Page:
Very-low-carbohydrate diets can improve blood sugar control in type 1 diabetes, with low rates of hypoglycemia and other complications, according to an online patient survey. The researchers now call for controlled clinical trials of this approach.
I’ve mentioned the Slow-Carb diet (SCD) before. It’s a great way to lose fat, feel and look better, and it’s pretty simple. One of the key components of the SCD is 30 in 30. The goal is to ingest 30 grams of protein within 30 minutes of waking up.
30 in 30
Aiming for 30 grams of protein within 30 minutes of waking up is not an arbitrary thing. Achieving this, or as close as possible, will promote fat loss, boost energy and metabolism, increase satiation, suppress appetite, improve BMI longterm, and help to reduce craving for carbs (junk food).
When it comes to actually ingesting the 30 grams, there are plenty of ways to do it. Seeing the number “30” might seem like a lot of protein, but it’s really not. With real, whole foods you can eat:
- 5 eggs
- 150 grams of sausage
- ¾ C of beans/lentils
- 1 C cottage cheese
- 3-4 oz. of tuna
You can also mix and match some of these. The goal is to get the 30 grams of protein, so whatever method is easiest for you and allows for success is the way to go. For example, instead of eating 5 eggs, you could have 3 eggs, 50 grams of sausage, and a fibrous veggie (spinach, broccoli, cauliflower).
Another method is to use drinks/shakes to get your 30 grams. While not the best way, as drinking calories is not as effective or satiating; if it’s the only way, it’s better than nothing. Some drinks that will get you to or near the 30 grams of protein are:
- Protein shake- High quality shake will be between 15 to 30 grams. Make sure it doesn’t contain any sugar or soy, and as few carbs as possible
- Protein bar- Same as above, high quality. Avoid, sugar and carbs
- Protein coffee- Make your own or buy some
- Smoothie with added protein or collagen powder
The SCD and the 30 in 30 protocol is not best for everyone. It is an optimal way of eating for those who:
- Are not regularly eating well
- Have a slower metabolism
- Frequently crave carbs/sweets
- Have low energy
- Do not eat enough protein
I’ve written about the standard ketogenic diet (SKD) before and a modified version, the targeted ketogenic diet (TKD). The cyclical ketogenic diet, like the TKD is another variant of the keto diet, with an emphasis on athletic performance.
Cyclical keto (CKD) is similar to the TKD in that carbs are used to enhance performance and maximize hypertrophy. The CKD however, uses “carb ups” or “carb loading” as opposed to targeted ingestion of carbs around workouts. A “carb up” or “carb load” is a dramatic increase in the amount of carbs you’re eating 1 to 2 days per week. The amount of carbs depends on the person and your non-carb up amount of carbs. Generally, 50 to 70 percent of your daily calories will be carbs on your carb up/load days. As with most things, a strict schedule or plan is essential for best results. This is especially true when optimizing nutrition for performance. The CKD is difficult to implement without a somewhat strict workout schedule.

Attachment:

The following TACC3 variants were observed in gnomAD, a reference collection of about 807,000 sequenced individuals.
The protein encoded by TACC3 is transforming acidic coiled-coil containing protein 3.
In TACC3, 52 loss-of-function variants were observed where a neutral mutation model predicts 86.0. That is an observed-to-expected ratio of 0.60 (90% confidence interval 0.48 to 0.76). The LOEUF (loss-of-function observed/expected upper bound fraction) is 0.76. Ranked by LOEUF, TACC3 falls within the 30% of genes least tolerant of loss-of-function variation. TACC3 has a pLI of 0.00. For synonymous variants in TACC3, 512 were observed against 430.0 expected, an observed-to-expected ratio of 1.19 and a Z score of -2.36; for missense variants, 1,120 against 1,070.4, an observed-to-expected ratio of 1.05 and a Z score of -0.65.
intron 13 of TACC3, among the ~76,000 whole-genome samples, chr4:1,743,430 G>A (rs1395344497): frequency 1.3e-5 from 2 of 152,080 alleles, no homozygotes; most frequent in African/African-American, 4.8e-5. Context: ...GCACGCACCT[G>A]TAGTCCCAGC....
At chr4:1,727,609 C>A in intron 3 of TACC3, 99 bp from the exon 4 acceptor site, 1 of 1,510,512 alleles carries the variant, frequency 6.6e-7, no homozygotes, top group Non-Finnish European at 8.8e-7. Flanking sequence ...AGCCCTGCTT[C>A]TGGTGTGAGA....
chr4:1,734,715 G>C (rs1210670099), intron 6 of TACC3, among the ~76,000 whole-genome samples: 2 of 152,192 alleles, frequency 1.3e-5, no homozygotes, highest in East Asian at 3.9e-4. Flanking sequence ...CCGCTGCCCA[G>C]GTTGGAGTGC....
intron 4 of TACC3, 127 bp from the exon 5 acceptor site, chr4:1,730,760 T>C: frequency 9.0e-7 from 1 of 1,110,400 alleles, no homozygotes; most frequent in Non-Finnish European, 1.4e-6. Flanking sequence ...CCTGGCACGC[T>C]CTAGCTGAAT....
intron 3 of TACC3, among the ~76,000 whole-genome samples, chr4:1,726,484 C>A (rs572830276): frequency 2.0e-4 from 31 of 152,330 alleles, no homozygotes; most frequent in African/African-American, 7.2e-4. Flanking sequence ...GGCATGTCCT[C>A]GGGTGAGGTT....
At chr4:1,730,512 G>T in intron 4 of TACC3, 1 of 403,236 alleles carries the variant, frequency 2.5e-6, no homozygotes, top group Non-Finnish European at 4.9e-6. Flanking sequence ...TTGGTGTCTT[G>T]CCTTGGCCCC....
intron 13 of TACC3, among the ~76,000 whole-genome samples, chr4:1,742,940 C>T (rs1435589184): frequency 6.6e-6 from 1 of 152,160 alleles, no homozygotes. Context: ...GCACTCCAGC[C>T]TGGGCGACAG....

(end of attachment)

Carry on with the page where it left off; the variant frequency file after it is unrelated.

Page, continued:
To implement a CKD, you would begin to carb load about 5 hours before your last workout of the week. Anywhere from 20-50 grams of carbs can be eaten in this window. An hour or two before the workout consume another 25-50 grams of carbs ideally from glucose and fructose, as fructose will replenish liver glycogen. If you are very active and perform very high intensity exercise, you may benefit from 2 carb up days. If this is the case, during the first day calories should be about 70 percent from carbs (15 protein and 15 fat), preferably high glycemic index. The second day reduce to about 50 to 60 percent of the days calories from carbs (25 protein and 15 fat) and switch to low glycemic index sources.
The time it takes to get back into ketosis (a fat burning state) will vary by person, body composition, and how long you’ve been on a keto diet. There are some tricks to speed up the process though. The first day after a carb up, get back to a SKD, with fewer carbs than normal (0 to 2 percent). Also, implement a time-restricted eating schedule; basically don’t eat after sundown. The second day it’s best to do fasted HIIT or even a fasted high intensity weight training session, first thing in the morning. On the third day upon waking, while fasted, do some medium intensity cardio or weight training. Not too light, but less intensity than the previous day. Carbs should stay be the 3-5 percent range. After these few days, fat burning should be re-established and liver glycogen should be depleted.
Keep in mind, the CKD is not for the average person. Or even an active person. If you’re active, even daily you can make great improvements with your fitness, strength, and even muscle growth with a SKD or a TKD. The CKD is for optimizing muscle growth and performing daily, very high intensity workouts. Like any method that allows for muscle gain, fat gain though slight, will occur.